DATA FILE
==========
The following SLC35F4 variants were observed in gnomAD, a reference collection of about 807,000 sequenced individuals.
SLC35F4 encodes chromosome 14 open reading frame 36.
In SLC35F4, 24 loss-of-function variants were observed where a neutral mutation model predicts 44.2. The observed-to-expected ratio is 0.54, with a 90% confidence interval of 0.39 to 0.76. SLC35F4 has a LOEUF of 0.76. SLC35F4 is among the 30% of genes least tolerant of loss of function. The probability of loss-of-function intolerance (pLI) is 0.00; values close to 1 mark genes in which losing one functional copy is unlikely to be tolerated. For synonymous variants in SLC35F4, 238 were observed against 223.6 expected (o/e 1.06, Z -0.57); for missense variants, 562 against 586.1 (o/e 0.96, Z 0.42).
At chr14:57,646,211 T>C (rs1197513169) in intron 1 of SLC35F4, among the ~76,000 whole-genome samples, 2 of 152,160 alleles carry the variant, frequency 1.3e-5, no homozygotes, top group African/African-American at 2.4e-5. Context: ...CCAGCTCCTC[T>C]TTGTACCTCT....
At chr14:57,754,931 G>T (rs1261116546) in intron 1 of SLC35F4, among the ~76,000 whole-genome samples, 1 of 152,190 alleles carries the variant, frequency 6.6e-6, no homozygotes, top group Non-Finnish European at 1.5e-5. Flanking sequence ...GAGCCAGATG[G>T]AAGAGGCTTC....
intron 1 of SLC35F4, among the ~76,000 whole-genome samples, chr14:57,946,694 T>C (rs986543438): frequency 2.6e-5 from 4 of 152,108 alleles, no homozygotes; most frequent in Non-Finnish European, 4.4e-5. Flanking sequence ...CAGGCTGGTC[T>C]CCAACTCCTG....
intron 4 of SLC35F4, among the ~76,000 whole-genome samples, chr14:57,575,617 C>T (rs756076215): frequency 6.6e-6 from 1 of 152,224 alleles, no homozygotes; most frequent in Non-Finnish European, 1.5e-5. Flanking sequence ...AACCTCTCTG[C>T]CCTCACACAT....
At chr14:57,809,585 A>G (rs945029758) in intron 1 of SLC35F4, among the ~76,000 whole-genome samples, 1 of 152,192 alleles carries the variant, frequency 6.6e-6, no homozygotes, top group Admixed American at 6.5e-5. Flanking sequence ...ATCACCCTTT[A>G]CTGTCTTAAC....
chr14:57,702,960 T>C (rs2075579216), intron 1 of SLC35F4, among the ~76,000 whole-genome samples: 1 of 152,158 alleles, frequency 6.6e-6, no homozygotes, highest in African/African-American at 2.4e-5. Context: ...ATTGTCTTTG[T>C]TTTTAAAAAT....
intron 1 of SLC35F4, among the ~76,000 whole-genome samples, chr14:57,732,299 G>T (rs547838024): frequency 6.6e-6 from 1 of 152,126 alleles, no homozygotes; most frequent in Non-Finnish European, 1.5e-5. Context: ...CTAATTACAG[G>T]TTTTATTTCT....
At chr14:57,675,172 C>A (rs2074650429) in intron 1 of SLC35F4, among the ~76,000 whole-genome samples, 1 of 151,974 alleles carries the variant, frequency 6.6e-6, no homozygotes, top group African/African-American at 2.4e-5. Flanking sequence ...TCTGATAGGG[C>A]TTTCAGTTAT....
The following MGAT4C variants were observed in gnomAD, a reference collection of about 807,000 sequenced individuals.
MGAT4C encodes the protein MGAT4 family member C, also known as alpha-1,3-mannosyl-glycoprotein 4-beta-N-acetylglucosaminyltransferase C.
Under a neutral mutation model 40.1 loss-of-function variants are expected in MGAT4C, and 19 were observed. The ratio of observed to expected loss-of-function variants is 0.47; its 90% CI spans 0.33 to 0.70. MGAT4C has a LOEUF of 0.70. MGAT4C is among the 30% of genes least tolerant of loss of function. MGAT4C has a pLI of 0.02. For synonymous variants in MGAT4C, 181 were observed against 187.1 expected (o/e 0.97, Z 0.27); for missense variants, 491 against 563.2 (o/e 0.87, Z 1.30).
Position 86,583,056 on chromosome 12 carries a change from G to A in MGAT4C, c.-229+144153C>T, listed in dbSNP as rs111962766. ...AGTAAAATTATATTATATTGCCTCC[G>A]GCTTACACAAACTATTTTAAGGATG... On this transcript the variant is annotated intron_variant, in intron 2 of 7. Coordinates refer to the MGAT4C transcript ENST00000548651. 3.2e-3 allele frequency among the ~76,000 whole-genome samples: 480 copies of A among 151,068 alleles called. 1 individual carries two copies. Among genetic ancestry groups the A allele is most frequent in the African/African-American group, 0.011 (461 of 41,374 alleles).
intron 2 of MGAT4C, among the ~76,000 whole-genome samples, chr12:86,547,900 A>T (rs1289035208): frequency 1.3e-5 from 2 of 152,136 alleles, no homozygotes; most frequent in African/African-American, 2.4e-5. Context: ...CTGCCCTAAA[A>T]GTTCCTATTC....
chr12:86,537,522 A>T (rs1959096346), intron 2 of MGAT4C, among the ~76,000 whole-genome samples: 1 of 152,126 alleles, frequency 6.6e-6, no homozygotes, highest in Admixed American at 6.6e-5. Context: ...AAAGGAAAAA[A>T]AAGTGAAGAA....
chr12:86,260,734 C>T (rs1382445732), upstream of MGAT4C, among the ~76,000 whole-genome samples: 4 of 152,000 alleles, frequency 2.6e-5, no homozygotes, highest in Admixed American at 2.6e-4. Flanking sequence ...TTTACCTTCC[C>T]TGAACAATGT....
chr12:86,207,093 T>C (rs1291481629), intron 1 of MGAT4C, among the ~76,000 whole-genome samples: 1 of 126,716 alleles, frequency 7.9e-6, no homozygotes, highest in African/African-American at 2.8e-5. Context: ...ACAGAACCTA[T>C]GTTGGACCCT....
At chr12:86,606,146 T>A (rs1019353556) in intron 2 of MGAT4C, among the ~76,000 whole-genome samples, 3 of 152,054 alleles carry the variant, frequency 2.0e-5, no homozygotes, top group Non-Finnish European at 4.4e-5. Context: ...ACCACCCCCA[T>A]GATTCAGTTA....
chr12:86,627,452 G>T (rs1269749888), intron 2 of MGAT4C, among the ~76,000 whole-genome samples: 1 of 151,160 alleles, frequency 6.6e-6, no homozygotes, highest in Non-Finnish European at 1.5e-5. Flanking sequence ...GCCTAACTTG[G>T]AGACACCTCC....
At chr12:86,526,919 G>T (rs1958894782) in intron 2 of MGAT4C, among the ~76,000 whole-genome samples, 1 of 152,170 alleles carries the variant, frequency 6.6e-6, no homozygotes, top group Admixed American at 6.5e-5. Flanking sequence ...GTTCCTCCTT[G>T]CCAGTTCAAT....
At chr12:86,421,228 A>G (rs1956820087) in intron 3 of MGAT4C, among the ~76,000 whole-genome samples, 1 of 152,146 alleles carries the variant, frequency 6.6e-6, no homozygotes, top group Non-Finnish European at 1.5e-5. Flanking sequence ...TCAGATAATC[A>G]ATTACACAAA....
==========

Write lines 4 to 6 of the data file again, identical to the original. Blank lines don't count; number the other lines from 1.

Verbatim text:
At chr14:57,646,211 T>C (rs1197513169) in intron 1 of SLC35F4, among the ~76,000 whole-genome samples, 2 of 152,160 alleles carry the variant, frequency 1.3e-5, no homozygotes, top group African/African-American at 2.4e-5. Context: ...CCAGCTCCTC[T>C]TTGTACCTCT....
At chr14:57,754,931 G>T (rs1261116546) in intron 1 of SLC35F4, among the ~76,000 whole-genome samples, 1 of 152,190 alleles carries the variant, frequency 6.6e-6, no homozygotes, top group Non-Finnish European at 1.5e-5. Flanking sequence ...GAGCCAGATG[G>T]AAGAGGCTTC....
intron 1 of SLC35F4, among the ~76,000 whole-genome samples, chr14:57,946,694 T>C (rs986543438): frequency 2.6e-5 from 4 of 152,108 alleles, no homozygotes; most frequent in Non-Finnish European, 4.4e-5. Flanking sequence ...CAGGCTGGTC[T>C]CCAACTCCTG....